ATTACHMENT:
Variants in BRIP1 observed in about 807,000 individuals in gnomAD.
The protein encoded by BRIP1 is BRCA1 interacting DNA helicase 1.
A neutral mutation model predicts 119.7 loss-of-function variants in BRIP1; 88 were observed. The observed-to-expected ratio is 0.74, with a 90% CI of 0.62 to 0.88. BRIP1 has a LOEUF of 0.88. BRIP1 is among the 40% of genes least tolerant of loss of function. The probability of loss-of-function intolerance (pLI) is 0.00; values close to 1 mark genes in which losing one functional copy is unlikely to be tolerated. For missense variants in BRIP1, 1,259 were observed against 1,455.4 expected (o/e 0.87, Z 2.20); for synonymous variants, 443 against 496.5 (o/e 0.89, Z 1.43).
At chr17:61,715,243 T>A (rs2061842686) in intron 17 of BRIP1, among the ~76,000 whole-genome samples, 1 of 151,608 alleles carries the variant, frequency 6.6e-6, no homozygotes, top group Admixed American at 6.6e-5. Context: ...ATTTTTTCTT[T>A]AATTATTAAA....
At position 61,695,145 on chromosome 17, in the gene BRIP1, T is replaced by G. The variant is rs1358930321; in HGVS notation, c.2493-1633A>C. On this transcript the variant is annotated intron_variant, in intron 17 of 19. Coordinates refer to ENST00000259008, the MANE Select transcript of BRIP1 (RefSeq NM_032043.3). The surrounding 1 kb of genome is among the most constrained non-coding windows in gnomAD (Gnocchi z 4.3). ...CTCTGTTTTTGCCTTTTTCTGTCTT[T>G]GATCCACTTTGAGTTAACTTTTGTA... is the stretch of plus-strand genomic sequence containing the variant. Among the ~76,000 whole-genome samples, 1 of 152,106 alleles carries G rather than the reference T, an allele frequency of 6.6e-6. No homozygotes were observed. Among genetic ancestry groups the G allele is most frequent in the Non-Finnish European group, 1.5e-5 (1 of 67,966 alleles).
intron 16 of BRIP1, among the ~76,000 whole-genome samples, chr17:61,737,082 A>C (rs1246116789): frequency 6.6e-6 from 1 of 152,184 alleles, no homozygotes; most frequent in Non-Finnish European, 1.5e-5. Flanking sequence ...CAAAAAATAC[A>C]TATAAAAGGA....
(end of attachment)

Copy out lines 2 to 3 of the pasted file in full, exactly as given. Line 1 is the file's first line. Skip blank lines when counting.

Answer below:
The protein encoded by BRIP1 is BRCA1 interacting DNA helicase 1.
A neutral mutation model predicts 119.7 loss-of-function variants in BRIP1; 88 were observed. The observed-to-expected ratio is 0.74, with a 90% CI of 0.62 to 0.88. BRIP1 has a LOEUF of 0.88. BRIP1 is among the 40% of genes least tolerant of loss of function. The probability of loss-of-function intolerance (pLI) is 0.00; values close to 1 mark genes in which losing one functional copy is unlikely to be tolerated. For missense variants in BRIP1, 1,259 were observed against 1,455.4 expected (o/e 0.87, Z 2.20); for synonymous variants, 443 against 496.5 (o/e 0.89, Z 1.43).